The new year welcomes a new face to an organization that has been working to ensure a better life for folks with disabilities in the community for nearly 50 years.
Dominic Opaka is the new executive director of L’Arche Winnipeg, a non-profit which operates six group homes and one apartment for people with intellectual disabilities throughout east Winnipeg.
"Former director Jim Lapp had a strong passion to ensure that the gifts of people with disabilities are known, that they would have connections, that they would be valued members of society," Opaka, 40, said. "I want to continue that legacy, and ensure that people with learning disabilities in our homes are put at the centre of the conversation, that they take part and participate in the issues that affect their lives on a day-to-day basis."
Opaka, who is originally from Kenya, got started with L’Arche, an international organization founded in France, at a location in Scotland after graduating from his studies in 2011.
"I had intended to stay there for a year after my studies," he said. "But the mission and identity captured me. The ability of sharing life with people with disabilities, as well as to see them as people first, not their disability. I wasn’t used to that traditionally from my background."
Opaka spent nearly seven years there, before returning to Kenya for a year to regroup. But L’Arche’s mission kept pulling at him.
"L’Arche is one place where you find a blend of different cultures from all over the world working together to bring about a more humane society," he said. "That’s something that has stuck with my heart the last 10 years."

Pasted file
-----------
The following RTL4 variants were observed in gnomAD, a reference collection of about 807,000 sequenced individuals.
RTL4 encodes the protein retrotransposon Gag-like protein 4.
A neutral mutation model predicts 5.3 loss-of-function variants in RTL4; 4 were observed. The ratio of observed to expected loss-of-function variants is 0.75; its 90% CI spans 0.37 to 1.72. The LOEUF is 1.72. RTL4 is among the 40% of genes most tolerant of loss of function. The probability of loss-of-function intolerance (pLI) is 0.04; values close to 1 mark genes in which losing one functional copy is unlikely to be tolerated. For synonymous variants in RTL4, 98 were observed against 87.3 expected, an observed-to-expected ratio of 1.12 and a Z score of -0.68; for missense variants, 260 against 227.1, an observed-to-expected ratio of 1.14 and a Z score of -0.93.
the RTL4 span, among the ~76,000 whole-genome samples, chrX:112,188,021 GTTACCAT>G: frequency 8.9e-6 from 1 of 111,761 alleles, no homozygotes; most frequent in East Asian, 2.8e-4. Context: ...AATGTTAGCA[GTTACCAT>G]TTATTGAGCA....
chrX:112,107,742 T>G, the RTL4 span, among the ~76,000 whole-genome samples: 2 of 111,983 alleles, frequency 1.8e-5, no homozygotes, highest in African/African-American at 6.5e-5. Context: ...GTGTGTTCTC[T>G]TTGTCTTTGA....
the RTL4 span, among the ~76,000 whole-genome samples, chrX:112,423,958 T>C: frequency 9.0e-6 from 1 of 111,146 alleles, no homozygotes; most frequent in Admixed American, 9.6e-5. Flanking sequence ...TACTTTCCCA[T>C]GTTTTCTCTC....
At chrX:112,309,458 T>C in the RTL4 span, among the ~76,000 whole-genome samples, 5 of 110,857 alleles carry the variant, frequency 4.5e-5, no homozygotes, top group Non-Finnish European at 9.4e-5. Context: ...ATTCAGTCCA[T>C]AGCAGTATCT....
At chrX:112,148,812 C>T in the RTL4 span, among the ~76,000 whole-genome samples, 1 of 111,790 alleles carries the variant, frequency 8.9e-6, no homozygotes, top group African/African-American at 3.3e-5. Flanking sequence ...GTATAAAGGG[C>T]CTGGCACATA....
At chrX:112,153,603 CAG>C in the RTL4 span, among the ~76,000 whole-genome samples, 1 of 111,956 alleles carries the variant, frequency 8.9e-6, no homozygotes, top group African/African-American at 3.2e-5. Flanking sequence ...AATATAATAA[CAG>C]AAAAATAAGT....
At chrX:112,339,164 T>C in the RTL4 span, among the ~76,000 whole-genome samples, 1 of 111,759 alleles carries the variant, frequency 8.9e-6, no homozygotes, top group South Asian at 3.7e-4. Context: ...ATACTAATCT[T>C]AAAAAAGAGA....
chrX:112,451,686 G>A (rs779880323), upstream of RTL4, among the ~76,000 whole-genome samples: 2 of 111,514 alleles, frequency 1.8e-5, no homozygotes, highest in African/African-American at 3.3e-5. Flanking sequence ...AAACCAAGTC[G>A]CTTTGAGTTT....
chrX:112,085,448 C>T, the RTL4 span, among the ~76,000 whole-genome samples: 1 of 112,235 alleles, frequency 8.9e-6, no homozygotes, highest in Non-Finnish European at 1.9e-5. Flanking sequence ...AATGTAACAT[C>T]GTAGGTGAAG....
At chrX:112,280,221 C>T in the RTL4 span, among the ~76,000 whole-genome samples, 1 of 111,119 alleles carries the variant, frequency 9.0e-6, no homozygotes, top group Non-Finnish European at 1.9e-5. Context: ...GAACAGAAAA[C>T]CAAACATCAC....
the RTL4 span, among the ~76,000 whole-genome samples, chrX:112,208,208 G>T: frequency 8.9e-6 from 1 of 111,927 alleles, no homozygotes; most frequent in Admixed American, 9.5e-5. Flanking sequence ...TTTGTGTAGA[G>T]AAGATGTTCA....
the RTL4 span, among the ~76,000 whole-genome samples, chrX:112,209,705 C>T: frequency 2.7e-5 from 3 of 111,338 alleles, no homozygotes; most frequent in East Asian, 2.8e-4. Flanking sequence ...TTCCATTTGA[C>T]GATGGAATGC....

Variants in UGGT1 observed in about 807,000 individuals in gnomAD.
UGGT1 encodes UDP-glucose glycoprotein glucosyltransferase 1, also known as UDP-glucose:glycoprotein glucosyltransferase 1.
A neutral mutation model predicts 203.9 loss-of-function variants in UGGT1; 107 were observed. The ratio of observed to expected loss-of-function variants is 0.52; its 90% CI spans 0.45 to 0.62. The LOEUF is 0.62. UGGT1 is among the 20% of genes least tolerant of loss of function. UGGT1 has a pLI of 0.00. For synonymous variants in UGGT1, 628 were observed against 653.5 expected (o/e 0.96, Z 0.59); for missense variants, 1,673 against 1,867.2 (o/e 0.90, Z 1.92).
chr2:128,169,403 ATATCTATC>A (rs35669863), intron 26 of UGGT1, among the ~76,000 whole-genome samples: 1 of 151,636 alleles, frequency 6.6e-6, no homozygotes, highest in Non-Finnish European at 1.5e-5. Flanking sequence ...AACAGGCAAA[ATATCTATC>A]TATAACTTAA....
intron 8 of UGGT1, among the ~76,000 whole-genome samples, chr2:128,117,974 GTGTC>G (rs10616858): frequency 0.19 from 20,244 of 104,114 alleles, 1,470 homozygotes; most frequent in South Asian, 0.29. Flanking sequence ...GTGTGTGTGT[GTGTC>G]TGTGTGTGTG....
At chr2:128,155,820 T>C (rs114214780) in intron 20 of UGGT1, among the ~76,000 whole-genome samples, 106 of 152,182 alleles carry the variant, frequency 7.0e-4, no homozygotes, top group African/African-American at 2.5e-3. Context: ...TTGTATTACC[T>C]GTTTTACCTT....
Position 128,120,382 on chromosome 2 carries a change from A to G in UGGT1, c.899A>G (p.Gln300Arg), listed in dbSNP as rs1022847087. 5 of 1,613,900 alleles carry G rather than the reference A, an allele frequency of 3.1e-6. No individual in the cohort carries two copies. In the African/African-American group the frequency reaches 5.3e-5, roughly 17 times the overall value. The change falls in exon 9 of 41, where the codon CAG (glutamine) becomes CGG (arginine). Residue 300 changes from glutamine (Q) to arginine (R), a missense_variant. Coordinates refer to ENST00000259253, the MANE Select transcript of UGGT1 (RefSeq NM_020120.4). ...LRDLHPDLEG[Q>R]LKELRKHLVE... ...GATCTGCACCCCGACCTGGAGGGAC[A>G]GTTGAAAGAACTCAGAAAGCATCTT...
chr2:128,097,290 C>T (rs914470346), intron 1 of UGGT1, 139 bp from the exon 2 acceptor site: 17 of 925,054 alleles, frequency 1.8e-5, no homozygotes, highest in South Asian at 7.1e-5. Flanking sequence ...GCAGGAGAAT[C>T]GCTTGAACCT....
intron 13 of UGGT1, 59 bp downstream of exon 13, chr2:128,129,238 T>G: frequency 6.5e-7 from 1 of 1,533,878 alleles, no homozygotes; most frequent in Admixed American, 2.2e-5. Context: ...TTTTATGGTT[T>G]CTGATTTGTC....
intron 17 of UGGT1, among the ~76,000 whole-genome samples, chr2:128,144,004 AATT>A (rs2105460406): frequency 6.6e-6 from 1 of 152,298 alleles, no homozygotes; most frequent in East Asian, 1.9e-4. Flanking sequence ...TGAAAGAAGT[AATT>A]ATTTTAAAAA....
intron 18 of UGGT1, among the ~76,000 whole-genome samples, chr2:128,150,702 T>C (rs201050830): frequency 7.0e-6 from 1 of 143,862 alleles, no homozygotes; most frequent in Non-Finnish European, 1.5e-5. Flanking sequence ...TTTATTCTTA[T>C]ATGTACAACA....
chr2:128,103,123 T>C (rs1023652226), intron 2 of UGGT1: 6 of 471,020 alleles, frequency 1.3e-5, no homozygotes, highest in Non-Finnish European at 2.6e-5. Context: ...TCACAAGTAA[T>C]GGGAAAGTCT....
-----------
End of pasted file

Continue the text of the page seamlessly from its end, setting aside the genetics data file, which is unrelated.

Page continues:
Three years ago, he moved to Edmonton to work with the organization, first as a house leader and then as head of six group homes.
"After that, I thought I was ready to take over a new responsibility, to continue fostering an environment within community that responds to changing needs of members with disabilities, and to support diversity," he said.
In the fall, he applied for the executive director position in Winnipeg, following Lapp’s retirement announcement. When he got the job, Opaka picked up and moved to Manitoba.
"I want to see a transformative society where we no longer have to talk about looking at people with disabilities as a bad thing anymore, but as people with something to put on the table," he said.
The organization also runs L’Arche Tova Cafe (119 Regent Ave. W), which marks its 10th anniversary this year.
"It’s something we want to build on," Opaka said. "There’s the business part of it, but what really matters for us is the place where people with learning disabilities can say they belong. If we’re talking about a more humane society, each one of us needs to have a voice."
Opaka is also hopeful that come May, conditions with regard to the ongoing COVID-19 pandemic will have improved enough to allow for the annual Walk with L’Arche to take place again. He will also be working to drum up support for the Jim Lapp Endowment Fund, and begin planning for L’Arche Winnipeg’s 50th anniversary in 2023.
"We want to involve the local community, to take the conversation to a different level," he said.
Sheldon Birnie is a reporter/photographer for the Free Press Community Review. The author of Missing Like Teeth: An Oral History of Winnipeg Underground Rock (1990-2001), his writing has appeared in journals and online platforms across Canada, the U.S. and the U.K. A husband and father of two young children, Sheldon enjoys playing guitar and rec hockey when he can find the time. Email him at email@example.com Call him at 204-697-7112